“I’m not wrong,” Lindell insisted to CNN’s Drew Griffin after Griffin presented abundant evidence that Lindell’s claims were false. “I’ve checked it out. I’ve spent millions. You need to trust me and come there” — “there” being a “symposium” Lindell is hosting this month at which he will reportedly present his data packets for public consumption.

Do you know what data packets are? Here, Lindell is referring to information transmitted over the Internet that was reportedly captured by some unidentified person in the days after the election. You’re reading this online; the words I’ve written were plunked into a webpage, and that webpage was chopped into little bits of data that were sent to your computer or your phone. Lindell is saying that he has some packets capturing that sort of information transmission and, further, that those packets show vote-stealing.

I ask whether you know what data packets are because I feel pretty confident that Mike Lindell did not on Nov. 2, 2020. I feel pretty confident that he is still not entirely sure about it, based on how he credulously accepted claims about the packets in the first video in which this “evidence” was presented and based on his reaction to Griffin’s questions.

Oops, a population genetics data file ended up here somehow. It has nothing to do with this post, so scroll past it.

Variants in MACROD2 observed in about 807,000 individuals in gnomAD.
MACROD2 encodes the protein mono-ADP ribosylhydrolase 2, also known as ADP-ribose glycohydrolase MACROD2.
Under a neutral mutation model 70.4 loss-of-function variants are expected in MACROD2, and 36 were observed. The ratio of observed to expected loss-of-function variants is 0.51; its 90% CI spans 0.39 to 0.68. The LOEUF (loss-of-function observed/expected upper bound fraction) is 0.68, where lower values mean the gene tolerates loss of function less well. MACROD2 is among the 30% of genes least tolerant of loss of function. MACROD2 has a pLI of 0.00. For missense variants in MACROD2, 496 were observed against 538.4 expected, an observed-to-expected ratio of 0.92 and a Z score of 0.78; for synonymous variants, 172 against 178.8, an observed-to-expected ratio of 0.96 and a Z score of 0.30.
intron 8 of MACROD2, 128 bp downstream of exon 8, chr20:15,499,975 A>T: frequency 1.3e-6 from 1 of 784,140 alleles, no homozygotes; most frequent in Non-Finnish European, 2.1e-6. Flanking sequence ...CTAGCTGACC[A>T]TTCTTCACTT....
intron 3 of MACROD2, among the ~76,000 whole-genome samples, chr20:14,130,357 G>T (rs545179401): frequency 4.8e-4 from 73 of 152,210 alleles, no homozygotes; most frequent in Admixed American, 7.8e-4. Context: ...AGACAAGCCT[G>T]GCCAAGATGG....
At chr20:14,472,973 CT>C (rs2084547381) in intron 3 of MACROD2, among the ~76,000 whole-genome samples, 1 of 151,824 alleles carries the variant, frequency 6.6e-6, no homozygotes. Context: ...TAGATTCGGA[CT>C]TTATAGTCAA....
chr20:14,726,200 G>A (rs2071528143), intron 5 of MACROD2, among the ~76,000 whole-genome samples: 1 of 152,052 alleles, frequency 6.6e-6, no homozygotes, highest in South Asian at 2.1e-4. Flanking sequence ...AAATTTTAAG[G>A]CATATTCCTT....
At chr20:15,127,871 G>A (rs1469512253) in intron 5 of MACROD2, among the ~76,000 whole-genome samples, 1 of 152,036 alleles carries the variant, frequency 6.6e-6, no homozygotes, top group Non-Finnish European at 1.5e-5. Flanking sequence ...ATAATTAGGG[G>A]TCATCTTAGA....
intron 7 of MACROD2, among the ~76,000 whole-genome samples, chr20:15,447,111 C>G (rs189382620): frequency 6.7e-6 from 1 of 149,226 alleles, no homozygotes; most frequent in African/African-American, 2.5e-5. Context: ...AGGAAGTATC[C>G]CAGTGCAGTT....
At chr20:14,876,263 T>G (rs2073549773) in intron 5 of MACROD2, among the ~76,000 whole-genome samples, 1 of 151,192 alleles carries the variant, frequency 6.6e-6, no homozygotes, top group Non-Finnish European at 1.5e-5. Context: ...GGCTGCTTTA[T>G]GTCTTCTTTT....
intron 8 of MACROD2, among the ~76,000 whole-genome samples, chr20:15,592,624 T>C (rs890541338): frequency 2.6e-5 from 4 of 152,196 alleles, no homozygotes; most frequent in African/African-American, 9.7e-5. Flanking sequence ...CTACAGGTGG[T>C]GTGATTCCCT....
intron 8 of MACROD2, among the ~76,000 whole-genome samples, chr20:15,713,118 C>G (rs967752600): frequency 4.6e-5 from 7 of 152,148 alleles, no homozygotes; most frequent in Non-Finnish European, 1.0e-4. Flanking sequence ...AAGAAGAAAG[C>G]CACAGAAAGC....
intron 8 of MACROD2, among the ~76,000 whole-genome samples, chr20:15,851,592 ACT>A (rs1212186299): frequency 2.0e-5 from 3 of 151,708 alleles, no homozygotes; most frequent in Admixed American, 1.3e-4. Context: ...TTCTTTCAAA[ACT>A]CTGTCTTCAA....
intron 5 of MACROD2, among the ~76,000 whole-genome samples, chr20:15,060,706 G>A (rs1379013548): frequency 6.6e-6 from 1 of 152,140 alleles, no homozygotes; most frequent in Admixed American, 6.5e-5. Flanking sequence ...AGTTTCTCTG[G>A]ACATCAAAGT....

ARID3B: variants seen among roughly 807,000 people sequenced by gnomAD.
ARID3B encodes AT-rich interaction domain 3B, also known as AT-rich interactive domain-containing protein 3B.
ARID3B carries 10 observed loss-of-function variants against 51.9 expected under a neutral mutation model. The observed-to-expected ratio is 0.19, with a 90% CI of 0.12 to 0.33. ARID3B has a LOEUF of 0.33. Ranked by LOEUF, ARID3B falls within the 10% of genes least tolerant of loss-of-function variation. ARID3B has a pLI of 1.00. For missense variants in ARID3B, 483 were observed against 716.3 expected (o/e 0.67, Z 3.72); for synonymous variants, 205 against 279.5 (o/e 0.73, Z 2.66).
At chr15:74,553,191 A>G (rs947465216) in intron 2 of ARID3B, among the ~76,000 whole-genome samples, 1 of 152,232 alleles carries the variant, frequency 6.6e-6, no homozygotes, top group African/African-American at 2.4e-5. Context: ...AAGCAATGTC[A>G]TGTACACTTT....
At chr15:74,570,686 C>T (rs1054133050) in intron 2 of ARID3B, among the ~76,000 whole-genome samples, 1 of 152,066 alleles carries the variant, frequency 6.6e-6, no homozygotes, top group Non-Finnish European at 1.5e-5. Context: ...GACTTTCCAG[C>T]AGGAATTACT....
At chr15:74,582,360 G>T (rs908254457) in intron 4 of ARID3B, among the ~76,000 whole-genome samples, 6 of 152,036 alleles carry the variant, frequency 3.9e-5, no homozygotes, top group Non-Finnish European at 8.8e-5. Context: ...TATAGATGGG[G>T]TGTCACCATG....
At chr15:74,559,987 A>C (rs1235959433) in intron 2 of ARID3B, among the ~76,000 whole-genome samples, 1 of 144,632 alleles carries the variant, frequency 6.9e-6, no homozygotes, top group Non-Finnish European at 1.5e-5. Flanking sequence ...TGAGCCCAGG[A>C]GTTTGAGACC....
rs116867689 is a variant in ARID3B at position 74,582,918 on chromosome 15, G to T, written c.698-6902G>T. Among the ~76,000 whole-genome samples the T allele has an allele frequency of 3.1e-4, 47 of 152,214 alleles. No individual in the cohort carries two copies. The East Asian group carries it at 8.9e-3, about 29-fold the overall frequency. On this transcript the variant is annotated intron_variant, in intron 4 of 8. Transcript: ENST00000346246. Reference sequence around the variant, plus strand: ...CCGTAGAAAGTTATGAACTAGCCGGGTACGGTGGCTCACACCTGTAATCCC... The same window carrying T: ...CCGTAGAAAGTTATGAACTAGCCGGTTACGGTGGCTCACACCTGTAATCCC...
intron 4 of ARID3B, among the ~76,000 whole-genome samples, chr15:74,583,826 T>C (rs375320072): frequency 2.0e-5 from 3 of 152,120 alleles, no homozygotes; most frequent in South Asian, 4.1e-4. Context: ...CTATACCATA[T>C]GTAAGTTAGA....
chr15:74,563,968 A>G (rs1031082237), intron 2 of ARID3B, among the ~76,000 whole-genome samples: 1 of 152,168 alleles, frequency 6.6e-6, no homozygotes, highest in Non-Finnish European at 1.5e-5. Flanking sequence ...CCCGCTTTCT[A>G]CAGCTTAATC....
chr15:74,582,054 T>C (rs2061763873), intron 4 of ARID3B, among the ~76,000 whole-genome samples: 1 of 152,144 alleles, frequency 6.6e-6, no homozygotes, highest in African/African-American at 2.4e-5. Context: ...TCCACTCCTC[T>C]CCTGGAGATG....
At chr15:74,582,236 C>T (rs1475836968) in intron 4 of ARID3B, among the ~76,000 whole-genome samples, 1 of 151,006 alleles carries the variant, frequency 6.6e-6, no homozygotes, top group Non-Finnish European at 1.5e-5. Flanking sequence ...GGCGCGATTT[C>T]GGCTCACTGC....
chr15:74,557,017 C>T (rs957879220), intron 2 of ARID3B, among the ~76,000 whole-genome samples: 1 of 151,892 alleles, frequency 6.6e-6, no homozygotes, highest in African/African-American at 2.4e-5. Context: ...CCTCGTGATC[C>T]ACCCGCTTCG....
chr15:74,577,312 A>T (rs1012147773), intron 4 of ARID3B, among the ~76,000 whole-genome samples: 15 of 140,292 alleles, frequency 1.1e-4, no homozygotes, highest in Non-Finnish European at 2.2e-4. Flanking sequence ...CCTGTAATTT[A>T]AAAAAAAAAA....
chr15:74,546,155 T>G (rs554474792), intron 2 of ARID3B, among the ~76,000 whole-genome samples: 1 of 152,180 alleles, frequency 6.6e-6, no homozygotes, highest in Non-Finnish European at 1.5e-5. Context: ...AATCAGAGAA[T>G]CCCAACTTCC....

And that’s the point: If you’re a very rich person who is very interested in proving something to be true who then meets someone who tells you that this thing can be proved using some technological analysis that you admittedly don’t entirely understand, you might just pull out your checkbook. Am I saying that the “experts” Lindell is hiring are feeding him nonsense in exchange for a paycheck? No, I am saying that I can certainly see how a Naive and Credulous Millionaire might be viewed as a lucrative mark for a Theoretical Unscrupulous Hustler. That’s all.

Lindell, data-packet printouts in hand, considers himself very shrewd.

(An aside: If Lindell provided CNN with printouts of data to bolster his claims, as appears to be the case, this is indisputably evidence that Lindell doesn’t know anything about validating data and very likely evidence that whoever provided him with those printouts was not particularly interested in having the data validated. It’s like telling someone to figure out what’s wrong with your car’s engine and then showing them a photo of the vehicle.)

For a certain type of unpleasant person — like myself — parsing and dismantling dubious claims provide some fun. But this particular deception in which Lindell is enmeshed is incredibly fraught.